Bathroom Remodel DWV Plan

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RifRaf

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Why don't you run 2" pipe from the ejector (I assume it's 2" since that's all it would need to be) into your tee? Not directly into the tee since you need to be 10 pipe diameters away from the base of the stack.
Okay... I understand what you are saying now.
So, is there a limit to how far you can run a horizontal section of 2" ejector pump discharge pipe?

Due to other branch drains that connect to the main drain pipe (see image below), I wouldn't be able to connect the 2" ejector pump pipe as stated above due to the "10 pipe diameter distance" rule... but once I get beyond any drain connections that would interfere with the "10 pipe diameter distance" rule, your suggestion is certainly a possibility. That would reduce the amount of 4" pipe that would be needed.
Note: The rubber no-hub connectors are only temporary until this bathroom remodel is complete and the 3" main drain pipe is replaced with 4" drain pipe.
DSCN5319 021.JPG

Another reason I am changing out some of the existing PVC drain pipe is that I believe the wrong connectors were used to connect the 2 branch drains into the main drain. SanTee's (on their back) were used instead of a wye connector with the appropriate elbows. And the branch drain to the far right is not vented (tub drain will gurgle after a few toilet flushes). All of this work was done back in 2008 by a professional licensed plumber that was working for a well know licensed contractor that we hired to remodel our hallway bathroom. At the time, I did not know any better to question their work... but I am going to fix all of this prior to finishing the basement ceiling with drywall.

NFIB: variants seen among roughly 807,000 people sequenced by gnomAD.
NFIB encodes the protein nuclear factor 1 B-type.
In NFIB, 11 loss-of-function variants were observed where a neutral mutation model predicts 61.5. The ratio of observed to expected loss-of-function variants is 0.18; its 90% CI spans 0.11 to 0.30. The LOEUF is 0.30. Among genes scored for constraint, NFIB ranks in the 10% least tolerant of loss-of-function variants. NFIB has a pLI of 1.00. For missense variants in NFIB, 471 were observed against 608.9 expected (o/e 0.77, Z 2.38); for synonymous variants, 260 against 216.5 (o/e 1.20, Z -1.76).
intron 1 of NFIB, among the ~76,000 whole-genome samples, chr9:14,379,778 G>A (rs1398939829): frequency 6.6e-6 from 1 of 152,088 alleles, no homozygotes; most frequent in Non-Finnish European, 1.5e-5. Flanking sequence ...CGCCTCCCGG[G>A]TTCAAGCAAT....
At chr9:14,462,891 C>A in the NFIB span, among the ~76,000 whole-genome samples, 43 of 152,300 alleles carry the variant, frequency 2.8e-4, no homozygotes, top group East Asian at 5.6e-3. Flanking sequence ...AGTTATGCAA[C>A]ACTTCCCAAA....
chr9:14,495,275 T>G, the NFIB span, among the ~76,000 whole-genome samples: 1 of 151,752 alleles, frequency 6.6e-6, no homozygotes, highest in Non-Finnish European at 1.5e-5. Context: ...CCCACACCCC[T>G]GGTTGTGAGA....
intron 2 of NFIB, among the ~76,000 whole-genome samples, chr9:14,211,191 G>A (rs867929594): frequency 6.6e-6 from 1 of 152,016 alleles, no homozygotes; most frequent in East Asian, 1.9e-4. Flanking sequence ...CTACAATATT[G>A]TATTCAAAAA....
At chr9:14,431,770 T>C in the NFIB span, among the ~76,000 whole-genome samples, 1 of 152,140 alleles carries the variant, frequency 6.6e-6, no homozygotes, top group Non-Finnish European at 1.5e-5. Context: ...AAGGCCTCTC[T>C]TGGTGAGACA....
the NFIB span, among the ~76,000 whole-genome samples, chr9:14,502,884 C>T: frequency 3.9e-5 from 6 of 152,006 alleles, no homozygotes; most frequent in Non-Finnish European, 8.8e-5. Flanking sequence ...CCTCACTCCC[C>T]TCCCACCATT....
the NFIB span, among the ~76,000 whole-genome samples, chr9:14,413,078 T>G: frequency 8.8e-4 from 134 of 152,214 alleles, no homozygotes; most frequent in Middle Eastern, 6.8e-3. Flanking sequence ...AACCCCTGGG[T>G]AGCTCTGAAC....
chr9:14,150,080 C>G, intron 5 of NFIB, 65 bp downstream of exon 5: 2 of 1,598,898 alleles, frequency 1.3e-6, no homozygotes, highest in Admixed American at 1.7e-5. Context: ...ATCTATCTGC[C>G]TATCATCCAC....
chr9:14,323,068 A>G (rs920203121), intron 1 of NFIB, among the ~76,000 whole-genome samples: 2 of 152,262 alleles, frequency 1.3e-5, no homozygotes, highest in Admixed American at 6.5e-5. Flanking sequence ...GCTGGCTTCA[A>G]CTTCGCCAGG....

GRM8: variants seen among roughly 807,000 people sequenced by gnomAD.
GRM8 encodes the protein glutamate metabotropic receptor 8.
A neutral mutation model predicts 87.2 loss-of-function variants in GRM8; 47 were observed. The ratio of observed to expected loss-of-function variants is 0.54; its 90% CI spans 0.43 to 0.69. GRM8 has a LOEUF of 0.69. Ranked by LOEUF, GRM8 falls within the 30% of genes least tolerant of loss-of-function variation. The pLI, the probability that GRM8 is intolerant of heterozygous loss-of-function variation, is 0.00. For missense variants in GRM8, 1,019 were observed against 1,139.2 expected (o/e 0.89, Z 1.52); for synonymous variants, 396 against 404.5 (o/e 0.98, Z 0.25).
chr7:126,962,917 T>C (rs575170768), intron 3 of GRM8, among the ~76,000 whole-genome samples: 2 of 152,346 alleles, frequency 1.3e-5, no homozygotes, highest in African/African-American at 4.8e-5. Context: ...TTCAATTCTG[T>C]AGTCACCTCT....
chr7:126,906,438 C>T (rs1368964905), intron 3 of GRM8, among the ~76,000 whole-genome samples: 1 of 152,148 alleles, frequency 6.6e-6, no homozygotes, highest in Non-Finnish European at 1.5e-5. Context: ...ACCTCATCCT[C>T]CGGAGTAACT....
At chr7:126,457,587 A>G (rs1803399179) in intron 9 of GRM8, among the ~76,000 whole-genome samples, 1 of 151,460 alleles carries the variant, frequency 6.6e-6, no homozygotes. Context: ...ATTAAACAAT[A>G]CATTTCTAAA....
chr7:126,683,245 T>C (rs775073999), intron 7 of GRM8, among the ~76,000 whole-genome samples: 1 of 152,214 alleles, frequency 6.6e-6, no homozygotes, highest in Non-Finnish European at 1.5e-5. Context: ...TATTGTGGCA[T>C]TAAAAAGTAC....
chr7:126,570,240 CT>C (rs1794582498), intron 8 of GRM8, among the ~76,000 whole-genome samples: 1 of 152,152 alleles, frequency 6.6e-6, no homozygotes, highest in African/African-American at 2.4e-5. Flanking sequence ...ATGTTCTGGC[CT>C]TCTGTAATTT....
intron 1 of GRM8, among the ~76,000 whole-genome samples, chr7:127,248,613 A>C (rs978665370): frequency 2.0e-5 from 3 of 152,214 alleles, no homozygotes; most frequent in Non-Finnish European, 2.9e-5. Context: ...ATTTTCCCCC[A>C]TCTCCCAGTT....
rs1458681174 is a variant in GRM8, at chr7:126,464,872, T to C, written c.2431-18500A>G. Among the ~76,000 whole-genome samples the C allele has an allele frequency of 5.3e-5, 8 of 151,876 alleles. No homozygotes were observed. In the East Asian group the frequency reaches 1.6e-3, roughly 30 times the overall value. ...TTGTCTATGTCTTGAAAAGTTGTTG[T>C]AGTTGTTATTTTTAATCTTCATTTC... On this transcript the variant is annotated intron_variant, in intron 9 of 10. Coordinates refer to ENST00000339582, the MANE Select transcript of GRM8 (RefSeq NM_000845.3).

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RifRaf

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I’ve got the next section of this bathroom’s drain pipe for the Lav mocked up and ready for gluing. I used a 2” long sweep 90 going into a 3x2 combo. I followed all “joist boring rules” with regards to running the Lav drain. The wood supports on the branch drain are only being used to maintain spacing and proper slope. Once everything is glued in place, I will remove the wood and install the proper pipe supports.
Lav Drain.JPG

The Lav drain will also serve as a wet vent for the toilet and shower. While the IPC allows for 1 1/2” Lav drain/vent, I chose to install a 2” Lav drain/vent pipe to ensure adequate venting.

Lav drain running into bathroom. The Lav trap arm will connect to a 2” x 1 ½” SanTee. The red arrows indicate the direction on the 2” vent pipe that will join existing vent pipe in the attic… and then exit thru the roof. The large opening above the Lav vent (within the stud layout) will be for a future medicine cabinet (if desired).
Lav Vent.JPG


Since this a small bathroom, I will be installing a 30” vanity with a door and draws. The typical Lav plumbing rough-in would not work due to the space available/layout within the vanity. Since all of the plumbing is new, I am planning to run the supply and drain lines (as shown below) to provide easy access to the supply line shut-off valves.
Vanity Rough-in+.JPG


If everything looks good, I will get this all glued up and move on to the shower drain.